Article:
Many of us do not adequately protect our work or our online images. Do any of these ‘reasons’ sound familiar: no one will ever want this image; I’m too small to worry about this now; I’m too busy. And then, WHAM!, we get an unexpected break that throws our work into the spotlight, or create a design for a company that uses our work in unintended ways, or come up with an eye-popping image everyone wants. Next thing we know, our work gets used without our permission.
Applying for copyrights, and keeping accurate documention are time consuming activites, but there are a multitude of resources available which explain the ins and out of copyright. Before we get to that, here are the experiences of the two artists, Skullboy and Lisa Marie O’Connell, I interviewed for this post. One thing you’ll notice is that when the artists were successful in battling these cases, they meticulously documented their transactions.
- The Tshirt at the heart of Skullboy’s dispute
Q. Skullboy, can you explain a little bit about how your art was used and what actions you took?
A. The art in question was actually on a shirt, Ellen. This case is a prime example of why artists need to protect their intellectual property. A store I had consigned merchandise to decided to copy my New Jersey Skulls shirt after we had a falling out. I had one of the knock-off shirts purchased and brought it to my lawyer, whose specialty is trademark and copyright. He needed substantial proof that it was my “intellectual property” and asked for a timeline of the design in production. I provided him with a few years worth of sales and events where the design had been used, including dated newspaper articles featuring the design. What was extremely important was that I had printed and saved all written correspondence between myself and the store. It helped to outline a working history with the store and the knowledge that they were directly infringing on my intellectual property. A cease and desist was issued. Artists, ALWAYS COVER YOUR BUTTS.
From my talk with Lisa Marie O’Connell.
"Crow in Blue," by Lisa Marie O'Connell
Q. Lisa Marie, I understand you learned some lessons the hard way. Can you describe a little bit about what happened to you?
A. Quite a few years ago I did freelance, spot illustrations for an advertising agency near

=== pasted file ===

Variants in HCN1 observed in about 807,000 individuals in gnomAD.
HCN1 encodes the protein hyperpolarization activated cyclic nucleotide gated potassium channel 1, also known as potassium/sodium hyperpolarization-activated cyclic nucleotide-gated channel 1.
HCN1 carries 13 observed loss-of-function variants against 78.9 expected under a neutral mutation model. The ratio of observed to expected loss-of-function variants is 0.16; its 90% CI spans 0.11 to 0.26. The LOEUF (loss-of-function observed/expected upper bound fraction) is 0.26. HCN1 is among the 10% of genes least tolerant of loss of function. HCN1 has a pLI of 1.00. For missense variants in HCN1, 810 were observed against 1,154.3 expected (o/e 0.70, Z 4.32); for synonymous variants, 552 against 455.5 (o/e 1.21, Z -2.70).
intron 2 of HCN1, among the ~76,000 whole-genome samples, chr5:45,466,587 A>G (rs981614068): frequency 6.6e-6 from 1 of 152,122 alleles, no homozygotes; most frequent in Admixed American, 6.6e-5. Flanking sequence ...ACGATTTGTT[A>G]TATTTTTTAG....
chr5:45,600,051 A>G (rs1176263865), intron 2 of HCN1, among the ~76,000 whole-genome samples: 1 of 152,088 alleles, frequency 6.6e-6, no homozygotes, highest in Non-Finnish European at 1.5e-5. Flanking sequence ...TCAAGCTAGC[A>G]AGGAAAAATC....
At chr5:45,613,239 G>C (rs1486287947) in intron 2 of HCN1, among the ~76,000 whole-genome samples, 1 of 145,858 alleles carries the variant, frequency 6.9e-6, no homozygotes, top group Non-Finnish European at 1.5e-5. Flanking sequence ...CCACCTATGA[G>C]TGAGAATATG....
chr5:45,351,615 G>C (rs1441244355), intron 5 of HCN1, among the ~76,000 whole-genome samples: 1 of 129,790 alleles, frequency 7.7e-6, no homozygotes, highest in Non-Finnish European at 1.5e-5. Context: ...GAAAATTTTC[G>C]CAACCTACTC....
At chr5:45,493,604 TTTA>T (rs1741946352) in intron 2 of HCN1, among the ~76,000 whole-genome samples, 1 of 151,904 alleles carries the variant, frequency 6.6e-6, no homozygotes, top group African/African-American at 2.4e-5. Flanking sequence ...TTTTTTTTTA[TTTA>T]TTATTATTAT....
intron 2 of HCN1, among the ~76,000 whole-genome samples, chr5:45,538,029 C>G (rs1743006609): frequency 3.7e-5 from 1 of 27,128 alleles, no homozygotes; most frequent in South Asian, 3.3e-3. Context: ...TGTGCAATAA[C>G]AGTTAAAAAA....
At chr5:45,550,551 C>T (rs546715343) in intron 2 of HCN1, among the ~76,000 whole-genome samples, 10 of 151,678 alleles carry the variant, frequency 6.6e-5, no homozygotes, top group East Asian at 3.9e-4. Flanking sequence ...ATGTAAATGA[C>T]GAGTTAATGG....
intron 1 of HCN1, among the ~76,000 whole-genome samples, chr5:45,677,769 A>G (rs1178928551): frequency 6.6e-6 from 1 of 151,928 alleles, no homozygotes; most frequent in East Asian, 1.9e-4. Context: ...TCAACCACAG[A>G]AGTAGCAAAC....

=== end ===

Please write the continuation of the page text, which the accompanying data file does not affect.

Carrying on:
Industrial Way. I worked with their art director closely, felt that we had a nice business relationship, and received jobs from them on a regular basis. I had done a set of specific
designs and was told they were simply going to be used in ads for local newspapers and on the company’s website. I was paid accordingly. One day I am driving on Rt. 66 and I look at the billboard and 20 foot high in the air is my illustration! I carefully pull over to take it all in and can’t believe what I am seeing. My initial reaction should have been, Cool! How amazing to see your work larger than life! But instead, I thought….wait a minute….for a small press fee, a billboard is created? Someone profited from my design and unfortunately, it wasn’t me.
Q. Did you confront the agency?
A. I did confront the ad agency and they acted like it was out of their control and that these
things happen…they suggested ‘we’ all take the loss and be grateful for the work because at the time it was one of their bigger clients. The facts are I was young and inexperienced. I was just out of school, living in Manhattan and grabbing freelance work where ever I could get it.
Q. Have you had any other situations like this?
A. I was hired to redesign a logo. I did and the client was happy. I had made a few visits to the client’s office, and every time they requested or approved a revision I had them sign off on it by initialing and dating it. The client was also given copies of everything they had signed/approved before I had left each meeting. I had all the approvals from portfolio review to the camera-ready finished piece, and I made copies of them. When it came time to get paid I was told none of the work I had done was authorized and I wasn’t getting paid a cent. I took all of my documentation that the person had signed off on, and sued them for the money owed to me. The morning of the appointed court date, I was called down to the attorney’s office, handed a check, and made to sign a non-disclosure agreement.
Below are some resources to help you learn more about copyright and trademark issues.
If you’re a 2-D artist, here’s what you can protect using Form VA, from the United States
2-Dimensional artwork: Watercolor and oil paintings; pen and ink drawings; logo illustrations; greeting cards; collages; stencils; patterns; computer graphics; graphics appearing in screen displays; artwork appearing on posters, calendars, games, commercial prints and labels, and packaging, as well as 2-dimensional artwork applied to useful articles, and designs reproduced on textiles, lace, and other fabrics; on wallpaper, carpeting, floor tile, wrapping paper, and clothing.
Reproductions of works of art: Reproductions of preexisting artwork made by, for example, lithography, photoengraving, or etching.
Maps: Cartographic representations of an area, such as state and county maps, atlases, marine charts, relief maps,and globes.
Photographs: Pictorial photographic prints and slides and holograms.
This Wikipedia article talks about copyright, copyright history and use http://en.wikipedia.org/wiki/Copyright
This was created for teachers, and is possibly the most fun you could have while learning about copyright: http://www.loc.gov/teachers/copyrightmystery/text/
Many of us do not need Trademark protection. If you are not sure if you do or not, read this
article called “An Artist’s Guide to Trademarks,” by Dana Vouglitois, a LegalArt Legal Intern.
Visual Arts Blogger, Monmouth Arts